Wednesday, March 9, 2011

The Phantom Pianist...

Ah, there you are...

Today, we will be covering the phantom piano player; both the 1970's one from Walt Disney World's music room, and the 1990's one from Disneyland's attic. Let's start from the beginning...

When the Walt Disney World Mansion opened with the rest of the resort, it included several new scenes exclusive to the Orlando version due in part to the modified layout. One of those scenes was the music room, a dark parlor with a huge window overlooking a nightmarish moonlit landscape. Various instruments lay about the room, covered in dust and cobwebs. A huge grand piano sitting in the middle of the room plays on it's own, or so it seems at a glance. The moonlight from the window casts the shadow of an unseen anomaly pounding out a Rachmaninoff style composition of "Grim,Grinning Ghosts" across the floor of the room, which is covered in piles of sheet music.

Shhh! Listen...
Listen to the Orlando & Tokyo Music Room Piano:

The effect is accomplished via a GOBO, a type of theatrical "Shadow Puppet" of sorts. The shadow is projected via lighting onto the floor in synchronization with the music and the keys of the piano, which move on cue.

The effect is convincing to the eye, yet it's obvious that the stiff-elbowed shadow is not a real ghost. The effect is used in the Walt Disney World and Tokyo Mansions, as well as Phantom Manor in Disneyland Paris. The picture seen to the side shows the effect under proper lighting (If anyone knows whose photo this is, please let me know so I can credit them. I found it on my hard drive, but can't recall the origins of it.) The image under it is a press image from Walt Disney World, most likely taken before opening.

The effect improved like any effect could with thirty years time, and when it was brought to the Attic in Disneyland, it was much more impressive then ever before. I must say that the Attic Phantom is my favorite effect in all of the mansions. The photos to the side show the ghost under proper lighting, as well as the set (via flash) that the shadowy spirit is projected on. The effect is a projection obviously, but how the projection of the shadow is achieved is even more interesting. A person dressed in all black was filmed against a white backdrop, and that is how you get the unusual black projection.

Shhh! Listen...
Listen to the Bridal Chorus from the Attic Scene:

With much more fluid movement and the amazing appearance of being projected onto the uneven scenery surrounding it, the attic phantom is far superior to his older kin. However, the attic pianist is clearly playing his tune on a harpsichord, not a piano. The sound, however, is that of a piano...though to those who don't know what the difference is, (that is the majority of riders) this mistake goes unnoticed.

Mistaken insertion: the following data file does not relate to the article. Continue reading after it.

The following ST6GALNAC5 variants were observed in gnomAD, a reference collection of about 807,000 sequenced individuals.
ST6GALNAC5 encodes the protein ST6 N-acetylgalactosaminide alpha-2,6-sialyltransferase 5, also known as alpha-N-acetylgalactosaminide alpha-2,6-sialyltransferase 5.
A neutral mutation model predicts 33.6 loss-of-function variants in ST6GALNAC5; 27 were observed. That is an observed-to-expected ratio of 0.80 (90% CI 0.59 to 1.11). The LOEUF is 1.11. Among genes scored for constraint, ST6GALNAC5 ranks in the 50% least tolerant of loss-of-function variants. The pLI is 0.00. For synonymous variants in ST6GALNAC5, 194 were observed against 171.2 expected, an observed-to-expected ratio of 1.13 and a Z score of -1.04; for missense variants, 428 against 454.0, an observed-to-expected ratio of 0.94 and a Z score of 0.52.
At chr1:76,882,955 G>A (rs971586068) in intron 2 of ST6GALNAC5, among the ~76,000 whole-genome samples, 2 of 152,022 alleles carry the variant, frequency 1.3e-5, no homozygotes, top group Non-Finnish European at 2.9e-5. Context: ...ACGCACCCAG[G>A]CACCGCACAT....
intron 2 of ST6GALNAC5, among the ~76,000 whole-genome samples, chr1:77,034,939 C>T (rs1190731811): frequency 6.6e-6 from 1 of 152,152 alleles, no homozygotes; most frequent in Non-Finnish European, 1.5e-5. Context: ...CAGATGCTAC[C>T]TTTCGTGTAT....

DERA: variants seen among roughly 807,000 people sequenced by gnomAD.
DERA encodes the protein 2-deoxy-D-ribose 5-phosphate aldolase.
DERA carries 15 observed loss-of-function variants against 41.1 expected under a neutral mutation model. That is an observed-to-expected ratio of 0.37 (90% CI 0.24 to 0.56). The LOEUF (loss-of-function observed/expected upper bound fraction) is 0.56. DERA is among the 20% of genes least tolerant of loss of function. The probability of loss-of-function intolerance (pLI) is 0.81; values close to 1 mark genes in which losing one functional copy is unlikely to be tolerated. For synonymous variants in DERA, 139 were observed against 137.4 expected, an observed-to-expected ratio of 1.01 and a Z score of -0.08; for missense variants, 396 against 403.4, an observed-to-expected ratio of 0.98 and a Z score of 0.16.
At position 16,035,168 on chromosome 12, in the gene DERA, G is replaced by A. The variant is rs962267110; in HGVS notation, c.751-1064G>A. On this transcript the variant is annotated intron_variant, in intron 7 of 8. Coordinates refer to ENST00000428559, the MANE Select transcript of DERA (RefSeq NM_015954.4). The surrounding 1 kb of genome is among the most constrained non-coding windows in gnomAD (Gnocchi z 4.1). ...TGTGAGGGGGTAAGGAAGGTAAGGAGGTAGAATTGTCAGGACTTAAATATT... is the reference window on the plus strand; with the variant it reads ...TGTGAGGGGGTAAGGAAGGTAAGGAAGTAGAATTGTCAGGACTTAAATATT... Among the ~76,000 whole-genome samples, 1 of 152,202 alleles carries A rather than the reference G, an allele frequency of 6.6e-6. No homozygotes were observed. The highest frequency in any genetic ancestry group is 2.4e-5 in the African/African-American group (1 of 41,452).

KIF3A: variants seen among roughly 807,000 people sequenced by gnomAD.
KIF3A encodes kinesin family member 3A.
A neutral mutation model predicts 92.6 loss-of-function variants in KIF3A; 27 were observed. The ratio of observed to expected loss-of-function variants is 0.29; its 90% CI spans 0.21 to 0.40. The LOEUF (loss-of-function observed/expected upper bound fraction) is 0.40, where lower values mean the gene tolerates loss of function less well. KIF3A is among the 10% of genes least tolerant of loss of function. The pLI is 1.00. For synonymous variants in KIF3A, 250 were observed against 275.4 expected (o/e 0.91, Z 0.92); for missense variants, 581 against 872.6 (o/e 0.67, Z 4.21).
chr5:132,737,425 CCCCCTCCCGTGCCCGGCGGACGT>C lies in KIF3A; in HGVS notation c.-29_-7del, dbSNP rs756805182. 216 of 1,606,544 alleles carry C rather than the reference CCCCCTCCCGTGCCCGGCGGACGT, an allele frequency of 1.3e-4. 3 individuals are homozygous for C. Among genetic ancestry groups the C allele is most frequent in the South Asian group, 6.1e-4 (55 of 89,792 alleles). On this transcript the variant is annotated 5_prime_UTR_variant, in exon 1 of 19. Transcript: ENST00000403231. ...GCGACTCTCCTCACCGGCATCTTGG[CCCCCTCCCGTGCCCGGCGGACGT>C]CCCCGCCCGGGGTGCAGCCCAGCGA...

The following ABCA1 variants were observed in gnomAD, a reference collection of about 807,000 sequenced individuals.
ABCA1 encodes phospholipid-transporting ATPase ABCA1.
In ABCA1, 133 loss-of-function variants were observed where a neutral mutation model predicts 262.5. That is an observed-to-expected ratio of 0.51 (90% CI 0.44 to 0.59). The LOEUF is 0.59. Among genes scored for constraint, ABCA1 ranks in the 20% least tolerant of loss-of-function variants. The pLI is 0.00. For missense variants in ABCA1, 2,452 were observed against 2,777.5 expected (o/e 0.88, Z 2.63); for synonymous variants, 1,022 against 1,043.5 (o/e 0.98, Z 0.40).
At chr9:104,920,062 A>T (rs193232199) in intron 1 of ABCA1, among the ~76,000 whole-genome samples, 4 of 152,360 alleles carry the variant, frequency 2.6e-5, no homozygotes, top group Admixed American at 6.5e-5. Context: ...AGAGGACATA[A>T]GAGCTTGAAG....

Bellow is a video comparison of the two. The footage of the Walt Disney World version comes from Martin Smith's amazing 2009 HD Hour-long tribute. The Disneyland attic footage is from YouTube user Pantheragem, who has the clearest HD videos of the attraction, as well as other Disneyland Rides on the Internet. Check them out:

I'll see you all a little later...



  1. The WDW piano is a square grand piano, and the DL piano appears to be a petite grand piano. The shape doesn't match most harpsichords. What makes you think it's a harpsichord?

  2. Because of the Surell book and Tony Baxter's own word. You mentioned the petite grand piano, but I have seen harpsichords with that particular shape. The fact that it is smaller then the typical piano also was what I was going off of, but you may be right.

  3. Hard to tell for certain with all the junk in the way. However, I would think that pianos are rather plentiful in comparison to harpsichords, so it would be much easier to find a junked piano to use as a prop than a harpsichord. Either way, that bugger is NOISY! The noise of the pneumatics is louder than the piano loop when you get near it.

  4. I love the Disneyland version, very realistic. I have never been to DL, only to WDW and they need to update their piano player, too stiff and fake looking.

  5. I too, am all for that. I just got a green screen, and I'm planing on testing it out by trying to create a demo "projection" that would simulate the effect if they updated it to the Disneyland style "Human Preformed" projection.